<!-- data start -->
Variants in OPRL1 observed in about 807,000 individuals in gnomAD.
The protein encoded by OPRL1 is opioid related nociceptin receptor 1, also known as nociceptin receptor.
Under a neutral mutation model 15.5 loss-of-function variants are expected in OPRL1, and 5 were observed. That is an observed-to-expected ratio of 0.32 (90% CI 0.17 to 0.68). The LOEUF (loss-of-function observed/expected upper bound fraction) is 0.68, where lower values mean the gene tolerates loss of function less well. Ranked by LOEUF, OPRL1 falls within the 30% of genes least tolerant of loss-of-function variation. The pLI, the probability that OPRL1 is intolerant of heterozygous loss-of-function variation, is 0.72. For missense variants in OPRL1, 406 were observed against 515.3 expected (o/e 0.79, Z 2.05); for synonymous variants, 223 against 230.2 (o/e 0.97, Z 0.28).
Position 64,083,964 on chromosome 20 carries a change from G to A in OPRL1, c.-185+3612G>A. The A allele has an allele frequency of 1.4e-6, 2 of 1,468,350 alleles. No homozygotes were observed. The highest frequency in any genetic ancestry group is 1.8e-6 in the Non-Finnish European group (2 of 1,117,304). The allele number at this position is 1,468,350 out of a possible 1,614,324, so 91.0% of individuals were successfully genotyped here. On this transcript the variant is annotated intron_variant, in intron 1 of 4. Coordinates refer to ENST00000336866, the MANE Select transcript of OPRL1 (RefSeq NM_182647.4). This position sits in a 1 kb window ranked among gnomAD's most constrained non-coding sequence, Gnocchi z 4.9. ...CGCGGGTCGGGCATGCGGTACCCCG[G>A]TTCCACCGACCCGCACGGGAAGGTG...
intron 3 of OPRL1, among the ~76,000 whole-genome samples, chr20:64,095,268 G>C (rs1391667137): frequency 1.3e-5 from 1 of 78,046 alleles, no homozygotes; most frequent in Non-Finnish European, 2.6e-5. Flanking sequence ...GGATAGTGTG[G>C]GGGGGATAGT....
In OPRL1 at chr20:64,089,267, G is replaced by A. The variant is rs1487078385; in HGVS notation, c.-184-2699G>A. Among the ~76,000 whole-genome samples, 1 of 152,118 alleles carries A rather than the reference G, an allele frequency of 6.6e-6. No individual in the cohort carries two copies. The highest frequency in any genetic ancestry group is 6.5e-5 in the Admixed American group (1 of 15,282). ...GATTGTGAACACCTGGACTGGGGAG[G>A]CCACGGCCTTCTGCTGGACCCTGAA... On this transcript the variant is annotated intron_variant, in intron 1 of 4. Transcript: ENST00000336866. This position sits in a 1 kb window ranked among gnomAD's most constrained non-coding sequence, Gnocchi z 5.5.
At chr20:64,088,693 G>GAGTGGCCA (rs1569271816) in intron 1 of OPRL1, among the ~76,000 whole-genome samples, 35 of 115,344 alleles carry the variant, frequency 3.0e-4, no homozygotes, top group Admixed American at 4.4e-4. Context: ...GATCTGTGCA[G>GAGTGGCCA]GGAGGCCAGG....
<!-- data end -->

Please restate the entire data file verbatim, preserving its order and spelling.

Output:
Variants in OPRL1 observed in about 807,000 individuals in gnomAD.
The protein encoded by OPRL1 is opioid related nociceptin receptor 1, also known as nociceptin receptor.
Under a neutral mutation model 15.5 loss-of-function variants are expected in OPRL1, and 5 were observed. That is an observed-to-expected ratio of 0.32 (90% CI 0.17 to 0.68). The LOEUF (loss-of-function observed/expected upper bound fraction) is 0.68, where lower values mean the gene tolerates loss of function less well. Ranked by LOEUF, OPRL1 falls within the 30% of genes least tolerant of loss-of-function variation. The pLI, the probability that OPRL1 is intolerant of heterozygous loss-of-function variation, is 0.72. For missense variants in OPRL1, 406 were observed against 515.3 expected (o/e 0.79, Z 2.05); for synonymous variants, 223 against 230.2 (o/e 0.97, Z 0.28).
Position 64,083,964 on chromosome 20 carries a change from G to A in OPRL1, c.-185+3612G>A. The A allele has an allele frequency of 1.4e-6, 2 of 1,468,350 alleles. No homozygotes were observed. The highest frequency in any genetic ancestry group is 1.8e-6 in the Non-Finnish European group (2 of 1,117,304). The allele number at this position is 1,468,350 out of a possible 1,614,324, so 91.0% of individuals were successfully genotyped here. On this transcript the variant is annotated intron_variant, in intron 1 of 4. Coordinates refer to ENST00000336866, the MANE Select transcript of OPRL1 (RefSeq NM_182647.4). This position sits in a 1 kb window ranked among gnomAD's most constrained non-coding sequence, Gnocchi z 4.9. ...CGCGGGTCGGGCATGCGGTACCCCG[G>A]TTCCACCGACCCGCACGGGAAGGTG...
intron 3 of OPRL1, among the ~76,000 whole-genome samples, chr20:64,095,268 G>C (rs1391667137): frequency 1.3e-5 from 1 of 78,046 alleles, no homozygotes; most frequent in Non-Finnish European, 2.6e-5. Flanking sequence ...GGATAGTGTG[G>C]GGGGGATAGT....
In OPRL1 at chr20:64,089,267, G is replaced by A. The variant is rs1487078385; in HGVS notation, c.-184-2699G>A. Among the ~76,000 whole-genome samples, 1 of 152,118 alleles carries A rather than the reference G, an allele frequency of 6.6e-6. No individual in the cohort carries two copies. The highest frequency in any genetic ancestry group is 6.5e-5 in the Admixed American group (1 of 15,282). ...GATTGTGAACACCTGGACTGGGGAG[G>A]CCACGGCCTTCTGCTGGACCCTGAA... On this transcript the variant is annotated intron_variant, in intron 1 of 4. Transcript: ENST00000336866. This position sits in a 1 kb window ranked among gnomAD's most constrained non-coding sequence, Gnocchi z 5.5.
At chr20:64,088,693 G>GAGTGGCCA (rs1569271816) in intron 1 of OPRL1, among the ~76,000 whole-genome samples, 35 of 115,344 alleles carry the variant, frequency 3.0e-4, no homozygotes, top group Admixed American at 4.4e-4. Context: ...GATCTGTGCA[G>GAGTGGCCA]GGAGGCCAGG....